I read once that true commitment is following through with something long after the mood you said it in has passed. After paying the £1,000 deposit I was committed to an Everest attempt in 2010. I was 20 and about to begin my second year at St Andrews but felt I had the tenacity, experience and determination to give it a shot.
It became more real when I first caught a glimpse of Everest on the drive through Tibet to Base Camp. If climbing Everest has ever crossed your mind seriously then that first sight of its iconic form will stay with you forever.
I placed my tent at the back of our team so each morning and evening I would have an uninterrupted view of Chomolungma – the Tibetan term for Everest meaning ‘Goddess Mother of the World’. Looking at its famous North Face with the swirling cloud whipping off its summit on a daily basis was putting my dreams into a form of reality.
I decided on the Northeast Ridge route from Tibet opposed to the Nepalese one taken by Hillary in part due to costs but also the company I wanted to go with, the significant reduction in numbers on the mountain and the fascinating history involving George Mallory. The weather tends to be worse on the north, summit success rate is lower and the death rate is higher but I still felt it was the right option.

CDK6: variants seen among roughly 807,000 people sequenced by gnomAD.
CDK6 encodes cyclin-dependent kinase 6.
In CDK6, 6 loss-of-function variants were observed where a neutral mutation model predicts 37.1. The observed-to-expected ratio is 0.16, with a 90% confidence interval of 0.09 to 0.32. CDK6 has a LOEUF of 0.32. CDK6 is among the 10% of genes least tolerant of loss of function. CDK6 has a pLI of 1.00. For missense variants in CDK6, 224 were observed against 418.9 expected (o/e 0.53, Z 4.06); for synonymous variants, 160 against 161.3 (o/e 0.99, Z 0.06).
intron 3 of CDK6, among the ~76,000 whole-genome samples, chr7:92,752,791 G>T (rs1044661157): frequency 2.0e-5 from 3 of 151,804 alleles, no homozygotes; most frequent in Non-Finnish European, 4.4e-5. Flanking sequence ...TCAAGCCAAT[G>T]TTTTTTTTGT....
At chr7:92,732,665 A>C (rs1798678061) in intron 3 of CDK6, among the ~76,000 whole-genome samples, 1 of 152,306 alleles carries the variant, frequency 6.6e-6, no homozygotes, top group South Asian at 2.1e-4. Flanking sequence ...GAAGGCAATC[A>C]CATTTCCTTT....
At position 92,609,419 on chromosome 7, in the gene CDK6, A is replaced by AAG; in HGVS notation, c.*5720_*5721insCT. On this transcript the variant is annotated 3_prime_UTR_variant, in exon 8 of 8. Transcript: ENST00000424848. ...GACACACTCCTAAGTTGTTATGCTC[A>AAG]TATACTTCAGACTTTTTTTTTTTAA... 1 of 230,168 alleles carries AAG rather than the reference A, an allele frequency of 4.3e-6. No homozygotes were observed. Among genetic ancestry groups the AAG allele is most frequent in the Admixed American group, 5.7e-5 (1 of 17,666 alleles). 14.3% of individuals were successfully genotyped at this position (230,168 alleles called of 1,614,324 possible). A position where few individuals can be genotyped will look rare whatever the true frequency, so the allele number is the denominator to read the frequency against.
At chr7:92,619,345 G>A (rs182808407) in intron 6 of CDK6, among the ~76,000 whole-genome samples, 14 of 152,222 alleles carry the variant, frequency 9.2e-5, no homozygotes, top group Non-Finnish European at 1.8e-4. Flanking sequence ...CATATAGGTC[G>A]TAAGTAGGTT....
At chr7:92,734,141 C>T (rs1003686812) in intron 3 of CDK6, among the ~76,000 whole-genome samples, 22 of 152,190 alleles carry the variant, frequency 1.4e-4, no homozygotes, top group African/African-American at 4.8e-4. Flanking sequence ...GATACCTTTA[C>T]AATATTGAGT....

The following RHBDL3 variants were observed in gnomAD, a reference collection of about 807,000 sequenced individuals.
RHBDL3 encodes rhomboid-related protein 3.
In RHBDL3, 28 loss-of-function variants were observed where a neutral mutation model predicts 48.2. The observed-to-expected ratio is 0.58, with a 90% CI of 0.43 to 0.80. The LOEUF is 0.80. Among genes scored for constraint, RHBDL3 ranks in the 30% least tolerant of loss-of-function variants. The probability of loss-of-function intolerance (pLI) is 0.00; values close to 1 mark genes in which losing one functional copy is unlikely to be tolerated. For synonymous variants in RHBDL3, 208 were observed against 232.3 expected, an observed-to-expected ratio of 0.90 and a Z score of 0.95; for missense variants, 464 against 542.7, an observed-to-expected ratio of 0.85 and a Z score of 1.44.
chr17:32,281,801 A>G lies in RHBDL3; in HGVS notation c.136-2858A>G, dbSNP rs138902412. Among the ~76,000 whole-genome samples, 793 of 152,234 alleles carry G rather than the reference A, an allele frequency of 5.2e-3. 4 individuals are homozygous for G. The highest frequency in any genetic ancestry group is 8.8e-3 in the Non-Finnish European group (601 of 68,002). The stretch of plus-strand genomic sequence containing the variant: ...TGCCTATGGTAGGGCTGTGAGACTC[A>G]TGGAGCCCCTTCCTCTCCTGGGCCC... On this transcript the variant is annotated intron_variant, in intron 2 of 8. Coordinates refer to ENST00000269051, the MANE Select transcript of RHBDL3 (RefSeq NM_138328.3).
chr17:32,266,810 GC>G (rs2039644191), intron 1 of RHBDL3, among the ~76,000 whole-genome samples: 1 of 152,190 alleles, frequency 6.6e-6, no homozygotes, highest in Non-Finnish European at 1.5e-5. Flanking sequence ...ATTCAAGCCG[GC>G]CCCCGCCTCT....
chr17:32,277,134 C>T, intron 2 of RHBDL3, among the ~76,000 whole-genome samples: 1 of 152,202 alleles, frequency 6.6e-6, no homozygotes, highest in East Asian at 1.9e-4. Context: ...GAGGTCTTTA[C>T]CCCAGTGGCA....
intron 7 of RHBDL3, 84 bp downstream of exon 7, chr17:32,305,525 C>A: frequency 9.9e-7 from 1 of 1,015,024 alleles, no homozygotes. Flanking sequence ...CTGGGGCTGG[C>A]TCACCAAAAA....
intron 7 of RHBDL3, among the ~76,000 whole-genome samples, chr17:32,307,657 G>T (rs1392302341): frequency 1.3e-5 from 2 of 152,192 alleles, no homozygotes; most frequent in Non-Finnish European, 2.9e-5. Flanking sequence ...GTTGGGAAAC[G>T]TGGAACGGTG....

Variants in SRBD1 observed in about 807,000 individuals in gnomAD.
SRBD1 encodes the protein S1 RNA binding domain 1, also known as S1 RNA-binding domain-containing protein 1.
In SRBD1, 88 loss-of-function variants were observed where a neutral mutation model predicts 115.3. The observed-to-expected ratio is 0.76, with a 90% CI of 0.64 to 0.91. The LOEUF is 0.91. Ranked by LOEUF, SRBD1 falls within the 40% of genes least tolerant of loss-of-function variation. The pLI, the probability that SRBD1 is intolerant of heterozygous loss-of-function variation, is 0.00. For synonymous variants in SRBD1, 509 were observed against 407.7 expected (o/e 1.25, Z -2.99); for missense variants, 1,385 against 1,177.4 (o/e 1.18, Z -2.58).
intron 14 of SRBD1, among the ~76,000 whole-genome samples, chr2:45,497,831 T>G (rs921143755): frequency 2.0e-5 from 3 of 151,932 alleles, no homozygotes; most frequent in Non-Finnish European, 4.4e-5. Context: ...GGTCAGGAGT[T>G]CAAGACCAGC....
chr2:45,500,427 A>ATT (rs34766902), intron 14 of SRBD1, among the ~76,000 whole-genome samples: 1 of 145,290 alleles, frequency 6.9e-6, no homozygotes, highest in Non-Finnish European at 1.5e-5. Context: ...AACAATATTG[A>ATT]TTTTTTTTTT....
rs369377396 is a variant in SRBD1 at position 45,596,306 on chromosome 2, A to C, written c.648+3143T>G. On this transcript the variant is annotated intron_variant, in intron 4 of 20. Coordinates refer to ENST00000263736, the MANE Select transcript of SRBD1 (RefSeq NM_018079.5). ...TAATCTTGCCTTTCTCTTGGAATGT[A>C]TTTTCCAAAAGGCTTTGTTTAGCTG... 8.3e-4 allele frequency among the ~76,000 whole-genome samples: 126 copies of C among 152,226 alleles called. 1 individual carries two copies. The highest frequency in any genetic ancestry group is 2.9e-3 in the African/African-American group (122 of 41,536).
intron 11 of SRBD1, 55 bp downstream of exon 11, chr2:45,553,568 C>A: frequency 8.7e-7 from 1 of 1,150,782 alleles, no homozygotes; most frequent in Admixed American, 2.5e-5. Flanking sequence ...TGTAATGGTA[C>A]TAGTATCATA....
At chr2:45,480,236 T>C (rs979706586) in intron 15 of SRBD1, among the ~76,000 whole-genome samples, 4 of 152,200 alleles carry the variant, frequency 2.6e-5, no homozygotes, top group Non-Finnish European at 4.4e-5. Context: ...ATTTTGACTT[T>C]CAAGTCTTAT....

On our final move up the mountain quite late in the season, we essentially had one shot at the summit. Eventually, we made it to the highest camp in the world at 8,300m in preparation for summit day. A long day awaited. For me, this was a day of learning and of realising what it means to risk your life in the pursuit of a goal.
In 2010, aged 21, I was alone, scared, without a radio and a mere 150m from the summit. I had battled through the darkness with a broken head torch. I was with a Sherpa as he accepted his own death and threw photos of his family off the mountain. I encountered a teammate with frozen eyeballs while another was having a conversation with his rucksack having been stranded in the Death Zone with no oxygen. In a fatigued and focused daze, I continued upwards until making the tough decision to turn my back on the mountain a matter of hours from the summit.
I returned to the UK proud of what I had achieved but mentally and physically pretty wretched after what was a tumultuous finale to the expedition. It was time to take stock and plan for the future.